Anouk Govil is a lifelong kayaking enthusiast. As a kid growing up in Colorado, she was exposed to all sorts of water sports, and she decided that kayaking gave her a different kind of rush compared to other activities. She first went kayaking with her parents who were avid paddlers as well, and went on her first solo kayaking trip at the age of 17. She has since moved to Southern California and counts La Jolla and the Channel Islands as her favorite kayaking places. Today, she discusses basic kayaking principles that every paddler should know before taking to the water.
I’ve been paddling for more than half a decade now, and there is no other activity that relaxes and exhilarates me more than kayaking. Something about slicing through clear lake water and rushing down rapids makes me feel closer to nature at its gentlest and wildest. When I first went kayaking, though, I felt a bit lost. It might seem as easy as getting into a kayak and bobbing your paddle up and down through the water, but it’s more complicated than it looks. Here, I’ll share with you some of the things I realized people should know before taking up kayaking as a hobby.
1. There are different kinds of kayaks for different kinds of water. Ever wonder why kayaks come in all shapes and sizes? As it turns out, their appearance affects the way they are handled. For example, whitewater kayaks are shorter and sturdier because they must be easier to steer between rocks and other obstacles. They are also made of high-impact fiberglass or plastic to allow them to absorb impact. In contrast, kayaks made for sea paddling have longer bodies that move through waves more efficiently.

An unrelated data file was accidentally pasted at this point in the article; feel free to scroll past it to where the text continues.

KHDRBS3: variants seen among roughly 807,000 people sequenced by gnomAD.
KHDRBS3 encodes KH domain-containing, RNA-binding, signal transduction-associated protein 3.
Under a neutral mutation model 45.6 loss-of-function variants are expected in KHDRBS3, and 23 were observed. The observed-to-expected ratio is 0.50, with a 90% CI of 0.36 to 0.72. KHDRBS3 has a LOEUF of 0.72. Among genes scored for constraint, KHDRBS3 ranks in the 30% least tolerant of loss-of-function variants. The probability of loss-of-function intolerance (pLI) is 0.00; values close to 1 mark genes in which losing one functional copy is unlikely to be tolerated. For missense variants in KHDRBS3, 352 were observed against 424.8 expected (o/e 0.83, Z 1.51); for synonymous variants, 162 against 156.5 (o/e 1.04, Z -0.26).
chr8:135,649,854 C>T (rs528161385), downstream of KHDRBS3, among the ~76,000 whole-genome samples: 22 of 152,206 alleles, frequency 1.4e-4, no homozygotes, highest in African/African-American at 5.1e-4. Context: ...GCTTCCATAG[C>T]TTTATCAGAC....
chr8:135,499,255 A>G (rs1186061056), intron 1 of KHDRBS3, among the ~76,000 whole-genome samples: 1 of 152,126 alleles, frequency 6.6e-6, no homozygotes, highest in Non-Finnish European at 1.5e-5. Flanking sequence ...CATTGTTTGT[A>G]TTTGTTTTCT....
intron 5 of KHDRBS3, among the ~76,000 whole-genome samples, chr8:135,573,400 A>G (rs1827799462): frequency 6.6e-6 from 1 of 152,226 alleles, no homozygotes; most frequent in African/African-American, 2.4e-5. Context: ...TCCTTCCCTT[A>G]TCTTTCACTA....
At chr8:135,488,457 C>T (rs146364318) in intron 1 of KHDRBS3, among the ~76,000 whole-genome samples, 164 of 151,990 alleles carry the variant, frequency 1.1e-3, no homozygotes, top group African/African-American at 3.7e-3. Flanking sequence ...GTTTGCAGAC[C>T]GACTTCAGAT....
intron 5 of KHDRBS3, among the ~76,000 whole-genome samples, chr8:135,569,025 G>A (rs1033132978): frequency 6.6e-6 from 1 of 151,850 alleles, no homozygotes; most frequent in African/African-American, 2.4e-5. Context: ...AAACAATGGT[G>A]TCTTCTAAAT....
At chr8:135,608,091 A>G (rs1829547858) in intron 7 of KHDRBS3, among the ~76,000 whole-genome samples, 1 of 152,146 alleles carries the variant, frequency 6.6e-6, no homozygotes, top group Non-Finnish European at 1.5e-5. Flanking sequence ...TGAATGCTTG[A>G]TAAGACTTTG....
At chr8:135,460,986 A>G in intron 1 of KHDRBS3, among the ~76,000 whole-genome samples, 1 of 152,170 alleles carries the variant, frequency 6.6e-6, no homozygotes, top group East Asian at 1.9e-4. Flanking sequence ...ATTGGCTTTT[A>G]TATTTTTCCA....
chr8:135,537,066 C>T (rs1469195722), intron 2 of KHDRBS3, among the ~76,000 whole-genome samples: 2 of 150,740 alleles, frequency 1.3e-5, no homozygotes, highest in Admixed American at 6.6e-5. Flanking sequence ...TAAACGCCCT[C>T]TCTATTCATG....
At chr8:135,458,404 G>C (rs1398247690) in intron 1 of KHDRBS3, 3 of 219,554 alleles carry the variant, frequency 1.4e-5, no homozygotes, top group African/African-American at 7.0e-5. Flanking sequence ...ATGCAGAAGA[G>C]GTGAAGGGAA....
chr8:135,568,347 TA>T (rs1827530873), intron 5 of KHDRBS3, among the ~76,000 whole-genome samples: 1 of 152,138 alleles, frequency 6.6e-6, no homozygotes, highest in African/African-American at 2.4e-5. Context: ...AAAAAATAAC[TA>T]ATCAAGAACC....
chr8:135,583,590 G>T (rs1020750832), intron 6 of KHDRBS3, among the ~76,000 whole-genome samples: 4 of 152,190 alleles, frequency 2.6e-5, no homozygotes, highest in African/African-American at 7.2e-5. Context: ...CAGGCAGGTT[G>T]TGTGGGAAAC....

2. One should dress as if he/she will be thrown overboard. It pays to anticipate the worst possible outcome, whether it is in the form of a sudden rainstorm or the kayak capsizing. While thin summer clothes are more comfortable while sitting on the dock, they’ll do little to keep you warm in case you get wet. Cold shock and hypothermia are two of the leading causes of paddling fatalities, so you should always wear a wetsuit. A Type III life jacket will also keep you afloat in case you are separated from your kayak.
3. You should invest in a good paddle. For every mile that you kayak, you’ll lift the blade more or less 1,000 times, so it makes sense to invest in a light yet sturdy paddle. If you are a beginner kayaker, smaller blades make sense as they are less tiring to use. I would recommend buying the paddle before the kayak so that you could test different boats using the same paddle, and many experienced kayakers I know spent more on their paddles than on their boats. The length and weight of the paddle depend on your height, weight, and strength, so I suggest that you ask a qualified kayaker to go with you when you go paddle-shopping.
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